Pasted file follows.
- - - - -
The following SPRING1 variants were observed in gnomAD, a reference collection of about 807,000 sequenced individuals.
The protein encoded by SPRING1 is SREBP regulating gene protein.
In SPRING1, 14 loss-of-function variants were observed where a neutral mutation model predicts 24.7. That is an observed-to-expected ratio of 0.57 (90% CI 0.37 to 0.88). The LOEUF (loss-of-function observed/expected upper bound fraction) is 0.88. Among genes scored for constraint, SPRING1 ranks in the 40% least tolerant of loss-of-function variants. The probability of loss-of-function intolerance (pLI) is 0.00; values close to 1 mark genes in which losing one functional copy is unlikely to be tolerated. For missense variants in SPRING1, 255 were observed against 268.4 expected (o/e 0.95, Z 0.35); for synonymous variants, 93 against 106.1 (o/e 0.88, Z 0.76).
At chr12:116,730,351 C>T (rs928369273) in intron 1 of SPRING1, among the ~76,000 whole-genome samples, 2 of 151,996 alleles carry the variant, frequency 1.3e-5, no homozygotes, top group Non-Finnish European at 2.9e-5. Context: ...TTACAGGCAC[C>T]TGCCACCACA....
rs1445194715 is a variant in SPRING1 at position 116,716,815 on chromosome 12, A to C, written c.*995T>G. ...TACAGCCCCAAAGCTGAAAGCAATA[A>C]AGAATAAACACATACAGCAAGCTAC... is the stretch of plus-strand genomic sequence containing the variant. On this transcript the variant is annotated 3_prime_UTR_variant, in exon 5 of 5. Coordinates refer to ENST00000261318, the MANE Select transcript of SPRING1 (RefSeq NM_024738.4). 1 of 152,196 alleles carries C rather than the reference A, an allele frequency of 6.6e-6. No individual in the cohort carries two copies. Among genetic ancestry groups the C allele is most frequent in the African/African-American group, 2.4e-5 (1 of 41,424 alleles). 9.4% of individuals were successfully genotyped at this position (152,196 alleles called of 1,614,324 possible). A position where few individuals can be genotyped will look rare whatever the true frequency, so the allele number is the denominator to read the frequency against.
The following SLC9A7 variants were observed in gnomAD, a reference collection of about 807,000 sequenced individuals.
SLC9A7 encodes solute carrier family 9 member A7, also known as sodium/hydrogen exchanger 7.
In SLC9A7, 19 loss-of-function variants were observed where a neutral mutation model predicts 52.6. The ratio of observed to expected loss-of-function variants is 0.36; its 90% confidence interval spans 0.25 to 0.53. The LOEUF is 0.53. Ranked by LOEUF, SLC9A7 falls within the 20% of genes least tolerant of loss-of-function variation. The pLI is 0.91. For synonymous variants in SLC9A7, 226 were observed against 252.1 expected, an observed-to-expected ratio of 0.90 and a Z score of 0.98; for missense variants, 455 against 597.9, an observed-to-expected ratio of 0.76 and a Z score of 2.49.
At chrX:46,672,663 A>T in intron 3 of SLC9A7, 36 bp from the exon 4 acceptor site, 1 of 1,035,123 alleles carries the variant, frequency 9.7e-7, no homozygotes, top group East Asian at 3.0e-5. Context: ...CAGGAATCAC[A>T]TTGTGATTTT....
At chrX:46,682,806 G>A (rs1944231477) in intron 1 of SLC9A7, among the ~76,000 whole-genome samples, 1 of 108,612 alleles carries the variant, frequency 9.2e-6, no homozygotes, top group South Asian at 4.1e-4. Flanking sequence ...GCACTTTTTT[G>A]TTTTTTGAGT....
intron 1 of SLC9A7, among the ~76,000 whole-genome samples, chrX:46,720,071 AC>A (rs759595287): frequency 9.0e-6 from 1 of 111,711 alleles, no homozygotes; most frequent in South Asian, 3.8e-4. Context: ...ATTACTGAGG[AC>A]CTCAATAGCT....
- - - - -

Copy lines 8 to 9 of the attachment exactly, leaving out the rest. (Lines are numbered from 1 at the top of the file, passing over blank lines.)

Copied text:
In SLC9A7, 19 loss-of-function variants were observed where a neutral mutation model predicts 52.6. The ratio of observed to expected loss-of-function variants is 0.36; its 90% confidence interval spans 0.25 to 0.53. The LOEUF is 0.53. Ranked by LOEUF, SLC9A7 falls within the 20% of genes least tolerant of loss-of-function variation. The pLI is 0.91. For synonymous variants in SLC9A7, 226 were observed against 252.1 expected, an observed-to-expected ratio of 0.90 and a Z score of 0.98; for missense variants, 455 against 597.9, an observed-to-expected ratio of 0.76 and a Z score of 2.49.
At chrX:46,672,663 A>T in intron 3 of SLC9A7, 36 bp from the exon 4 acceptor site, 1 of 1,035,123 alleles carries the variant, frequency 9.7e-7, no homozygotes, top group East Asian at 3.0e-5. Context: ...CAGGAATCAC[A>T]TTGTGATTTT....